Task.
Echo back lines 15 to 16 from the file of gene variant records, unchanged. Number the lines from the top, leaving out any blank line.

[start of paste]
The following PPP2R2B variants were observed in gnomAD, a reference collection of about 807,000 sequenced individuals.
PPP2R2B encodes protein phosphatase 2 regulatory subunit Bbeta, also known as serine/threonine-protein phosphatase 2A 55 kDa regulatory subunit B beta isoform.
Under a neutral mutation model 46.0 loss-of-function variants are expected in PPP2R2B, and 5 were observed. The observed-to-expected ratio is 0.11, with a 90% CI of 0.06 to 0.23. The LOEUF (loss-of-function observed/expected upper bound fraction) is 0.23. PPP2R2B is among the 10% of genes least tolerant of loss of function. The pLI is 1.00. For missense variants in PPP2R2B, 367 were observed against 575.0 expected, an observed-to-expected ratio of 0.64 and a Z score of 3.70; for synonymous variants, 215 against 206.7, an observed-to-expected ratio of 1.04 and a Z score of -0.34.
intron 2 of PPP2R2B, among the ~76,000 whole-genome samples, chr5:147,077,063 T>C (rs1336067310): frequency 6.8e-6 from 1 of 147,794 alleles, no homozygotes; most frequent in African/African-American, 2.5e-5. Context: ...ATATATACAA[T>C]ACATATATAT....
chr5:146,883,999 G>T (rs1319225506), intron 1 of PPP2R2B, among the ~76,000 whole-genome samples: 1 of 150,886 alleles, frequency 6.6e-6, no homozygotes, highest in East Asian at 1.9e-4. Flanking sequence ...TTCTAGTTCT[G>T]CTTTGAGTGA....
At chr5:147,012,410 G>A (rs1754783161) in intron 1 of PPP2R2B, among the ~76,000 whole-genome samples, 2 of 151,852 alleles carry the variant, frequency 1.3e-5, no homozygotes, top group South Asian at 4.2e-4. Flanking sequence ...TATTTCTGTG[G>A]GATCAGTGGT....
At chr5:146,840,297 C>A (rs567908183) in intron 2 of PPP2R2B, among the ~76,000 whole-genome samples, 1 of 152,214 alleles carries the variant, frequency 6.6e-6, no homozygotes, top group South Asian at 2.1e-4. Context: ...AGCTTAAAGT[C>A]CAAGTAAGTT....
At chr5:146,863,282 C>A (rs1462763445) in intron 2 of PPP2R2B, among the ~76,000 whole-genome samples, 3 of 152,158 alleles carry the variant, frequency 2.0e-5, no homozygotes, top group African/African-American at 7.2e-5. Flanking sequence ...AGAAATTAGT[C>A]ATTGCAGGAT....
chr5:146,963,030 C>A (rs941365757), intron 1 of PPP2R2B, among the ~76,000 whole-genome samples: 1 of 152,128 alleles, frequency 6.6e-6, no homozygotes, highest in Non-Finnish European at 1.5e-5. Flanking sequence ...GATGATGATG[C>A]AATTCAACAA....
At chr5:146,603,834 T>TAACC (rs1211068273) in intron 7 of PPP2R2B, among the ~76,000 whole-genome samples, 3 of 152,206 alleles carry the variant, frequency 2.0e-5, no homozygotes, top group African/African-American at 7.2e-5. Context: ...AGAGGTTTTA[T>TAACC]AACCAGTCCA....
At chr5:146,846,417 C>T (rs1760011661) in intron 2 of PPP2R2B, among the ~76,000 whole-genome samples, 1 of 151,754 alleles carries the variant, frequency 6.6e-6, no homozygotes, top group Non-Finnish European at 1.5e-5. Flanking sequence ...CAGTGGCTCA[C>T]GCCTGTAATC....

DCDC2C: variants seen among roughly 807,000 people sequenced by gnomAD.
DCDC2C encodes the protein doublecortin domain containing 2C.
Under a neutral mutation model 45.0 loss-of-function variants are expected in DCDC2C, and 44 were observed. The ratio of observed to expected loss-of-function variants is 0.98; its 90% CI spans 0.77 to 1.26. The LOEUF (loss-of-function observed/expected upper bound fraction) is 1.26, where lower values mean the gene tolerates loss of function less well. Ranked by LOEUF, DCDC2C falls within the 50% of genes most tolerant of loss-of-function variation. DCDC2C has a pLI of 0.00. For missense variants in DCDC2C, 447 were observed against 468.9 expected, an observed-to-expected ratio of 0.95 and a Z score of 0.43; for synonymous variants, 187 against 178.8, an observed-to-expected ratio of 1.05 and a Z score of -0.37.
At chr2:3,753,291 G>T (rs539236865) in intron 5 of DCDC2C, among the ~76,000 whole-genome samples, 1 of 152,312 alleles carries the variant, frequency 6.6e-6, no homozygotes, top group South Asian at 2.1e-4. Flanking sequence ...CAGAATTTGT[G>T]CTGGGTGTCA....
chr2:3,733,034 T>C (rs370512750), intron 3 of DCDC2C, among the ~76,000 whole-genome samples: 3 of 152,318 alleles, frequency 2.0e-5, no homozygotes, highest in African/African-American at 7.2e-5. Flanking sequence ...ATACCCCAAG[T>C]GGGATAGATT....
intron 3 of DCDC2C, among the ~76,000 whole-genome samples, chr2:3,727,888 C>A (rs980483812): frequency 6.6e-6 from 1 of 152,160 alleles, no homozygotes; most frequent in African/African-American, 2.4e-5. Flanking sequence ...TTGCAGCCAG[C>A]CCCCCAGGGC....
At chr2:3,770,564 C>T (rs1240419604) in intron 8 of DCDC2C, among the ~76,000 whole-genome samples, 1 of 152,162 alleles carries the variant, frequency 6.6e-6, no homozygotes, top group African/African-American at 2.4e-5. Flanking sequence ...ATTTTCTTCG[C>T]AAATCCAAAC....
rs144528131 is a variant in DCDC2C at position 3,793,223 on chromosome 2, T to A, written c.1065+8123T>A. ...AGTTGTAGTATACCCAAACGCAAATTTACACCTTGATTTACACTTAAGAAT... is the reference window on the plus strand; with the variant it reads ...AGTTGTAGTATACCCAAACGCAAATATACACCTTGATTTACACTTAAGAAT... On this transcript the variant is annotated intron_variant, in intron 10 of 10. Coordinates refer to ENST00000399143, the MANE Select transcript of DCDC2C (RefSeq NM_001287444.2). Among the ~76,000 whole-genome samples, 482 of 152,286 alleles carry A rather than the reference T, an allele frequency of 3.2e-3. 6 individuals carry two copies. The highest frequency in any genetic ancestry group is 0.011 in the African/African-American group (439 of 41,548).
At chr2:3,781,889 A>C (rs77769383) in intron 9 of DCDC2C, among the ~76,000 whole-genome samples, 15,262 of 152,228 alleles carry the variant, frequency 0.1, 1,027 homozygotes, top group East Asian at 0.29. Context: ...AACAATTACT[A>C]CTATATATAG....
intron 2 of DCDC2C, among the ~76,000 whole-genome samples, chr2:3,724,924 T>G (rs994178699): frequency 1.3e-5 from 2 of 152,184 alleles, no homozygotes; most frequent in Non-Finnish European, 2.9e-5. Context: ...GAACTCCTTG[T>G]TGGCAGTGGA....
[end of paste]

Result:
At chr2:3,753,291 G>T (rs539236865) in intron 5 of DCDC2C, among the ~76,000 whole-genome samples, 1 of 152,312 alleles carries the variant, frequency 6.6e-6, no homozygotes, top group South Asian at 2.1e-4. Flanking sequence ...CAGAATTTGT[G>T]CTGGGTGTCA....
chr2:3,733,034 T>C (rs370512750), intron 3 of DCDC2C, among the ~76,000 whole-genome samples: 3 of 152,318 alleles, frequency 2.0e-5, no homozygotes, highest in African/African-American at 7.2e-5. Flanking sequence ...ATACCCCAAG[T>C]GGGATAGATT....